Here’s a look at African American people and issues making headlines throughout the country.
Internationally renowned musician/composer/producer/entrepreneur, Stix Hooper, one of the top drummer/percussionists, and generally best known to music fans around the globe as the founder of the Crusaders, the seminal instrumental group famed for their amalgamated Jazz sound, returns with his ensemble, Viewpoint, to the stage on Oct. 6 at Zipper Concert Hall in downtown Los Angeles. Utilizing all the diverse elements that have contributed to his unique style, Hooper will take to the stage and showcase the broad spectrum of Jazz and the universal language of music.
District of Columbia
More than 170,000 volunteers are expected at more than 2,100 sites across the country on Saturday, Sept. 29, to take part in the largest single-day volunteer effort for public lands in the United States–National Public Lands Day (NPLD). Coordinated by the National Environmental Education Foundation, volunteers in every state will visit parks, urban green spaces, beaches, wildlife preserves and forests to chip in to help these treasured places that belong to all Americans. They will improve and restore the lands the public uses for recreation, education, exercise and connecting with nature. The event last year contributed an estimated $17 million in volunteer services to public lands, which include planting approximately 100,000 trees, shrubs and other native plants, as well as building and maintaining 1,500 miles of trails. NPLD is also supporting first lady Michelle Obama’s Let’s Move Outside! initiative’s emphasis on involving children and families in outdoor recreation as a way to help reduce and prevent childhood obesity. To get involved, go to publiclandsday.org.
Ryan Lochte and Tyson Gay top the list of nominees for the second annual SPORTYS @ Full Sail University, with Vince Carter, Annika Sorenstam and Jeff Turner to be inducted into the Central Florida Sports Hall of Fame. The SPORTYS will honor the top area teams, high school, collegiate and professional athletes, coaches, deserving local residents and businesses throughout Lake, Orange, Osceola, Seminole and Volusia counties. The SPORTYS will be presented to the winners in 10 award categories: Team of the Year, High School Athlete of the Year, College Athlete of the Year, Professional Athlete of the Year, Coach of the Year, Business of the Year, Employee of the Year, Volunteer of the Year, Media of the Year and the Community Spirit Award. During the show, the class of 2012 will be inducted into the Central Florida Sports Hall of Fame.
National leaders from the Civil Rights Movement will come together at the American Bar Association Section of Litigation Fall Leadership Meeting to discuss their eyewitness accounts of milestone events of the ’50s and ’60s, as well as examine the role that lawyers played in the struggle for civil rights. “Lessons in Leadership from the Civil Rights Movement” takes place on Friday, Sept. 28, at the Renaissance Grand Hotel in St. Louis. Speakers include D’Army Bailey, founder of the National Civil Rights Museum in Memphis; Frankie Muse Freeman, first woman of color appointed to the U.S. Commission on Civil Rights; Elaine Jones, first woman to serve as director-counsel and president of the NAACP Legal Defense Fund; Ted Shaw, Columbia Law School professor and former director-counsel and president of the NAACP Legal Defense Fund; and Barbara Arnwine, executive director of the Lawyers’ Committee for Civil Rights Under Law. The program will be live-streamed. Register now and receive free access to the event by visiting http://www.americanbar.org/groups/litigation/events_cle/live-streaming.html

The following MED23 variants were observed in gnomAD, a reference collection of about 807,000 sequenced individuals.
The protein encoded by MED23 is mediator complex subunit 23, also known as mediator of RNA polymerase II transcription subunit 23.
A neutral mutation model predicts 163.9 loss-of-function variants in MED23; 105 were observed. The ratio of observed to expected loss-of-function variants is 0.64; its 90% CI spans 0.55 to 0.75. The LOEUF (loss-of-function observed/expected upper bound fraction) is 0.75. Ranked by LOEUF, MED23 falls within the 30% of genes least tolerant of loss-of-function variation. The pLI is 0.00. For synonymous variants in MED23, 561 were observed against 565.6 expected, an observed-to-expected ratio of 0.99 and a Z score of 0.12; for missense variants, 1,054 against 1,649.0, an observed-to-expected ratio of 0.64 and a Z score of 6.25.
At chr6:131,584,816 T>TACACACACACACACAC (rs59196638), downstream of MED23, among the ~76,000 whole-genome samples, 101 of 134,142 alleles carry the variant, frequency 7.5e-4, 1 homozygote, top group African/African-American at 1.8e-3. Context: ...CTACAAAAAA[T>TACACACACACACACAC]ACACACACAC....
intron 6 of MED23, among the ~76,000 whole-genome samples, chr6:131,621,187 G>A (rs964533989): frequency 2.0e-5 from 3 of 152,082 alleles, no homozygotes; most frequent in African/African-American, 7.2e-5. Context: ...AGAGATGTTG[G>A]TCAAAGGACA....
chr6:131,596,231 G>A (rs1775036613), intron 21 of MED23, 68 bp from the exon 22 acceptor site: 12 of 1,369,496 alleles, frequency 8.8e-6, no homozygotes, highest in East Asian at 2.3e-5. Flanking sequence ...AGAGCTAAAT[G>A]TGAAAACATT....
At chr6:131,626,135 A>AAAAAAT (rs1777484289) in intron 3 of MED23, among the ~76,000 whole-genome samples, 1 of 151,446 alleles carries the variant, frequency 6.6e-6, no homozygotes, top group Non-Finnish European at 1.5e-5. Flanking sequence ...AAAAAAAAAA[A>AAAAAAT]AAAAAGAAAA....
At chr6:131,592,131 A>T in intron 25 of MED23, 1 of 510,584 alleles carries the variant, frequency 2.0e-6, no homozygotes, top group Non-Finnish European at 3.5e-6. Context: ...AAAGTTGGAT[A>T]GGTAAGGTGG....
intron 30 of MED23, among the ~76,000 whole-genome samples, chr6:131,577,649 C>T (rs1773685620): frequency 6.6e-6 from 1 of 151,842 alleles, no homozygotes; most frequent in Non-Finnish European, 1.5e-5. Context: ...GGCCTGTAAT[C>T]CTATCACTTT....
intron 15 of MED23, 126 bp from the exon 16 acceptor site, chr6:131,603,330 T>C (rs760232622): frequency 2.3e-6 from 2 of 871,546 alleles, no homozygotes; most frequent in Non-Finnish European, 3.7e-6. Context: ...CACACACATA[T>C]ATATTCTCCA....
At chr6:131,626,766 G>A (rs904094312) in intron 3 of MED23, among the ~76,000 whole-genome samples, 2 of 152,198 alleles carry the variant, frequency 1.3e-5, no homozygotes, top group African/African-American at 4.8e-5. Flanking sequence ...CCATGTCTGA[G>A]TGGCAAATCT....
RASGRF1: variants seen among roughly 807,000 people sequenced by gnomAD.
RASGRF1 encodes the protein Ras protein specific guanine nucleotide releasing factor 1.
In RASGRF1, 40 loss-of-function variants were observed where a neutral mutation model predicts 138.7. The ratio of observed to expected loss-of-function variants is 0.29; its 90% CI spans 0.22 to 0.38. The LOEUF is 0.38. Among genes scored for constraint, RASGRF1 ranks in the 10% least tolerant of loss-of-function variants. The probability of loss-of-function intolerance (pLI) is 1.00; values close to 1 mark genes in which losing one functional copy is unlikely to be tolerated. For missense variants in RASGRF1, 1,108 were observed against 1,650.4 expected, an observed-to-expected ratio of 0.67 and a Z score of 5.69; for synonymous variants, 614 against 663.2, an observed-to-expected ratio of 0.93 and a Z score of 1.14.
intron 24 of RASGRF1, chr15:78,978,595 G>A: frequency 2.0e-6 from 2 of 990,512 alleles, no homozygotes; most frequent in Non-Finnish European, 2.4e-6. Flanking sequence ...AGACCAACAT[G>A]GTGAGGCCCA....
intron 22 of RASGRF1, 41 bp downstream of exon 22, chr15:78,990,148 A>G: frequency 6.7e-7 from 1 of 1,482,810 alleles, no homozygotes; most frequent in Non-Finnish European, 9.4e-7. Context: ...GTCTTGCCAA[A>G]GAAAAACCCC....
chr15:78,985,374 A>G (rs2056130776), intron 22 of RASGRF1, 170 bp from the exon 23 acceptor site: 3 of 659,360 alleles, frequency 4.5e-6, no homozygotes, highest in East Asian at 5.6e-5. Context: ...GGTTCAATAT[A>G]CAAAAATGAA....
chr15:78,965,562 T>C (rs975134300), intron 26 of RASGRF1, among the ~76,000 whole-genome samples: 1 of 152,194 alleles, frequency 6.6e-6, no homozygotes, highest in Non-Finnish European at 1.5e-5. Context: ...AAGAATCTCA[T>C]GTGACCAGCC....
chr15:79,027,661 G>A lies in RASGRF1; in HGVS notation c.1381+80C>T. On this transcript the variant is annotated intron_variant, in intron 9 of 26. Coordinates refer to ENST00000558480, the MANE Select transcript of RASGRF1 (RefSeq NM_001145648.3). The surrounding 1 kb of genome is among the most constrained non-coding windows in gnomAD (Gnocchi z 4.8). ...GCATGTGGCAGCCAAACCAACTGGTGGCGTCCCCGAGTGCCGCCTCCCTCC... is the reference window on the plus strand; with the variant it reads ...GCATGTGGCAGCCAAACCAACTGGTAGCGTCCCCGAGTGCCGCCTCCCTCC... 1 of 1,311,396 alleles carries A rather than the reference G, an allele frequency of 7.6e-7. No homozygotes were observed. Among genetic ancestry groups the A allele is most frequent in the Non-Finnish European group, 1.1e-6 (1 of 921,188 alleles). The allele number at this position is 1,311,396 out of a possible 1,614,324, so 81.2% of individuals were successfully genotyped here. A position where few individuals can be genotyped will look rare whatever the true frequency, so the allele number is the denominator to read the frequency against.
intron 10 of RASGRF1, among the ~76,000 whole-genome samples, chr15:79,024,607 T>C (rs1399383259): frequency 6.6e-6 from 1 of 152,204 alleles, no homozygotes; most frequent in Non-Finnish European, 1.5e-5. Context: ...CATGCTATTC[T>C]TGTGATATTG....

The Christian Methodist Episcopal Church is hosting its first CME Unity Summit on Sept. 25-29, at the Sheraton New Orleans Hotel, 500 Canal Street in New Orleans. Approximately 3,000 persons from the United States and other countries are expected to attend the four-day event, which provides educational and spiritual empowerment classes, dynamic ministry and music. Today, a Unity Summit Luncheon will be held and the guest speaker will be Cynthia M.A. Butler-McIntyre, national president of Delta Sigma Theta Sorority. The Williams Brothers, the Grammy-nominated and Stellar Award-winning gospel group, will perform in concert in the evening. On Friday, Sept. 28, at 7 p.m. Ben Jealous, the NAACP president and CEO, will be the guest speaker for the Awards Nights Gala, a free event honoring civil rights and other African American achievers. All events at the CME Unity Summit are open to the general public and held at the Sheraton New Orleans Hotel.